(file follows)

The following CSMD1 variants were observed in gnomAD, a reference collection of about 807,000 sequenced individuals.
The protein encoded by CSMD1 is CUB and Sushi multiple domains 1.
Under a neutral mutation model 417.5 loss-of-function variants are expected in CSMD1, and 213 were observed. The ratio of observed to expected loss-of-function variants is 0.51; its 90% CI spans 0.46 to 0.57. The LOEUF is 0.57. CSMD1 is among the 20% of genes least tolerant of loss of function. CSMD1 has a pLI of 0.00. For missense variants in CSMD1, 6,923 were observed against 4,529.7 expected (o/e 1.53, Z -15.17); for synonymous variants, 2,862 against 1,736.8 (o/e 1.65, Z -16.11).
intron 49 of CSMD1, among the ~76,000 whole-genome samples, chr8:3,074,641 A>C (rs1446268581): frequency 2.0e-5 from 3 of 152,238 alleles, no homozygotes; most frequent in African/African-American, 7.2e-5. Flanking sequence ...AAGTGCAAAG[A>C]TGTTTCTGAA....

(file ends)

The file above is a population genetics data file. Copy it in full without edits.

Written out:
The following CSMD1 variants were observed in gnomAD, a reference collection of about 807,000 sequenced individuals.
The protein encoded by CSMD1 is CUB and Sushi multiple domains 1.
Under a neutral mutation model 417.5 loss-of-function variants are expected in CSMD1, and 213 were observed. The ratio of observed to expected loss-of-function variants is 0.51; its 90% CI spans 0.46 to 0.57. The LOEUF is 0.57. CSMD1 is among the 20% of genes least tolerant of loss of function. CSMD1 has a pLI of 0.00. For missense variants in CSMD1, 6,923 were observed against 4,529.7 expected (o/e 1.53, Z -15.17); for synonymous variants, 2,862 against 1,736.8 (o/e 1.65, Z -16.11).
intron 49 of CSMD1, among the ~76,000 whole-genome samples, chr8:3,074,641 A>C (rs1446268581): frequency 2.0e-5 from 3 of 152,238 alleles, no homozygotes; most frequent in African/African-American, 7.2e-5. Flanking sequence ...AAGTGCAAAG[A>C]TGTTTCTGAA....